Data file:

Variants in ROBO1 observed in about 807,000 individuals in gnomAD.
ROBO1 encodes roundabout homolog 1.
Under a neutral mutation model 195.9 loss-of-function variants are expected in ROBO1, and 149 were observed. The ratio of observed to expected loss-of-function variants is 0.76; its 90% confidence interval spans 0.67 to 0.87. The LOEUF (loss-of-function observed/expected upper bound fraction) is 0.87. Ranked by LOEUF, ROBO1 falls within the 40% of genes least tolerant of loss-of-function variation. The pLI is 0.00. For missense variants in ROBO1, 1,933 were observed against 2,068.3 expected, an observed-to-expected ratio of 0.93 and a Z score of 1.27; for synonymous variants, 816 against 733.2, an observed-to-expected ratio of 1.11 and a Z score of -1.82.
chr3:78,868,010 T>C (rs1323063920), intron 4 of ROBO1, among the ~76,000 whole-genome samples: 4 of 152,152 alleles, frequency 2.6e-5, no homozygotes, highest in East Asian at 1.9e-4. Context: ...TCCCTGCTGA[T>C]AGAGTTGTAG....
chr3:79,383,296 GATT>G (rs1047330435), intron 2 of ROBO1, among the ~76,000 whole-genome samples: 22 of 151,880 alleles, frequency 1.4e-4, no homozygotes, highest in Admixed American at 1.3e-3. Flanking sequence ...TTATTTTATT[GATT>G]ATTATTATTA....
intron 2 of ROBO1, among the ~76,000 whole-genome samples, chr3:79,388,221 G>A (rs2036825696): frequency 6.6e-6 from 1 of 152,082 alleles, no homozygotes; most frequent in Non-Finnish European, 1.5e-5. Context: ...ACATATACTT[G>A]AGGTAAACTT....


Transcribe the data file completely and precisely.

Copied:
Variants in ROBO1 observed in about 807,000 individuals in gnomAD.
ROBO1 encodes roundabout homolog 1.
Under a neutral mutation model 195.9 loss-of-function variants are expected in ROBO1, and 149 were observed. The ratio of observed to expected loss-of-function variants is 0.76; its 90% confidence interval spans 0.67 to 0.87. The LOEUF (loss-of-function observed/expected upper bound fraction) is 0.87. Ranked by LOEUF, ROBO1 falls within the 40% of genes least tolerant of loss-of-function variation. The pLI is 0.00. For missense variants in ROBO1, 1,933 were observed against 2,068.3 expected, an observed-to-expected ratio of 0.93 and a Z score of 1.27; for synonymous variants, 816 against 733.2, an observed-to-expected ratio of 1.11 and a Z score of -1.82.
chr3:78,868,010 T>C (rs1323063920), intron 4 of ROBO1, among the ~76,000 whole-genome samples: 4 of 152,152 alleles, frequency 2.6e-5, no homozygotes, highest in East Asian at 1.9e-4. Context: ...TCCCTGCTGA[T>C]AGAGTTGTAG....
chr3:79,383,296 GATT>G (rs1047330435), intron 2 of ROBO1, among the ~76,000 whole-genome samples: 22 of 151,880 alleles, frequency 1.4e-4, no homozygotes, highest in Admixed American at 1.3e-3. Flanking sequence ...TTATTTTATT[GATT>G]ATTATTATTA....
intron 2 of ROBO1, among the ~76,000 whole-genome samples, chr3:79,388,221 G>A (rs2036825696): frequency 6.6e-6 from 1 of 152,082 alleles, no homozygotes; most frequent in Non-Finnish European, 1.5e-5. Context: ...ACATATACTT[G>A]AGGTAAACTT....